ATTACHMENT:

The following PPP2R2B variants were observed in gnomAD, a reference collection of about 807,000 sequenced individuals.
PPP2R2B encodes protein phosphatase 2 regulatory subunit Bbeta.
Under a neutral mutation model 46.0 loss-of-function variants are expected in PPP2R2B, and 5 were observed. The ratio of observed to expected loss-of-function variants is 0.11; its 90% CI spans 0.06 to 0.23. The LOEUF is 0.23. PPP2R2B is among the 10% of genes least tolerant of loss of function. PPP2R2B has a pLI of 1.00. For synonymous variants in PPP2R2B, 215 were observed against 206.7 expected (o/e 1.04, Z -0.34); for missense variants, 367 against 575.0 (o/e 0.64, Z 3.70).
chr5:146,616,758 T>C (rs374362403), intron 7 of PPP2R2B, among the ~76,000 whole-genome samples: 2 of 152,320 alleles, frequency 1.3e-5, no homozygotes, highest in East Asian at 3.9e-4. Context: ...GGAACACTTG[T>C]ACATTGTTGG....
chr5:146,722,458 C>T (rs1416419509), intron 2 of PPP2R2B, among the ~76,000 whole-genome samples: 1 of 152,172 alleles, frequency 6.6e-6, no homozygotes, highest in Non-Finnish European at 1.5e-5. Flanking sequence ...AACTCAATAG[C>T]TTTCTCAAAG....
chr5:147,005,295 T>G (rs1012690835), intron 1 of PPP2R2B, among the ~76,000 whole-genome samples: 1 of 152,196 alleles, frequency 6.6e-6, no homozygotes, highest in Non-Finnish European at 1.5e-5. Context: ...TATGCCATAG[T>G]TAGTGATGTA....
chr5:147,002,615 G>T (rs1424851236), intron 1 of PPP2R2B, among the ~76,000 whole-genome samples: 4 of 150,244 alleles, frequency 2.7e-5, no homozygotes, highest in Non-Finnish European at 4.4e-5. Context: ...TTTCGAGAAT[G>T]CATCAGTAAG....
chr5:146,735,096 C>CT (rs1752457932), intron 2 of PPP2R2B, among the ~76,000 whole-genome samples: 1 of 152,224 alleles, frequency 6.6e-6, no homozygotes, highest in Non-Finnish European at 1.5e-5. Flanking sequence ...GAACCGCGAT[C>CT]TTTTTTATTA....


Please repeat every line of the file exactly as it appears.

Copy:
The following PPP2R2B variants were observed in gnomAD, a reference collection of about 807,000 sequenced individuals.
PPP2R2B encodes protein phosphatase 2 regulatory subunit Bbeta.
Under a neutral mutation model 46.0 loss-of-function variants are expected in PPP2R2B, and 5 were observed. The ratio of observed to expected loss-of-function variants is 0.11; its 90% CI spans 0.06 to 0.23. The LOEUF is 0.23. PPP2R2B is among the 10% of genes least tolerant of loss of function. PPP2R2B has a pLI of 1.00. For synonymous variants in PPP2R2B, 215 were observed against 206.7 expected (o/e 1.04, Z -0.34); for missense variants, 367 against 575.0 (o/e 0.64, Z 3.70).
chr5:146,616,758 T>C (rs374362403), intron 7 of PPP2R2B, among the ~76,000 whole-genome samples: 2 of 152,320 alleles, frequency 1.3e-5, no homozygotes, highest in East Asian at 3.9e-4. Context: ...GGAACACTTG[T>C]ACATTGTTGG....
chr5:146,722,458 C>T (rs1416419509), intron 2 of PPP2R2B, among the ~76,000 whole-genome samples: 1 of 152,172 alleles, frequency 6.6e-6, no homozygotes, highest in Non-Finnish European at 1.5e-5. Flanking sequence ...AACTCAATAG[C>T]TTTCTCAAAG....
chr5:147,005,295 T>G (rs1012690835), intron 1 of PPP2R2B, among the ~76,000 whole-genome samples: 1 of 152,196 alleles, frequency 6.6e-6, no homozygotes, highest in Non-Finnish European at 1.5e-5. Context: ...TATGCCATAG[T>G]TAGTGATGTA....
chr5:147,002,615 G>T (rs1424851236), intron 1 of PPP2R2B, among the ~76,000 whole-genome samples: 4 of 150,244 alleles, frequency 2.7e-5, no homozygotes, highest in Non-Finnish European at 4.4e-5. Context: ...TTTCGAGAAT[G>T]CATCAGTAAG....
chr5:146,735,096 C>CT (rs1752457932), intron 2 of PPP2R2B, among the ~76,000 whole-genome samples: 1 of 152,224 alleles, frequency 6.6e-6, no homozygotes, highest in Non-Finnish European at 1.5e-5. Flanking sequence ...GAACCGCGAT[C>CT]TTTTTTATTA....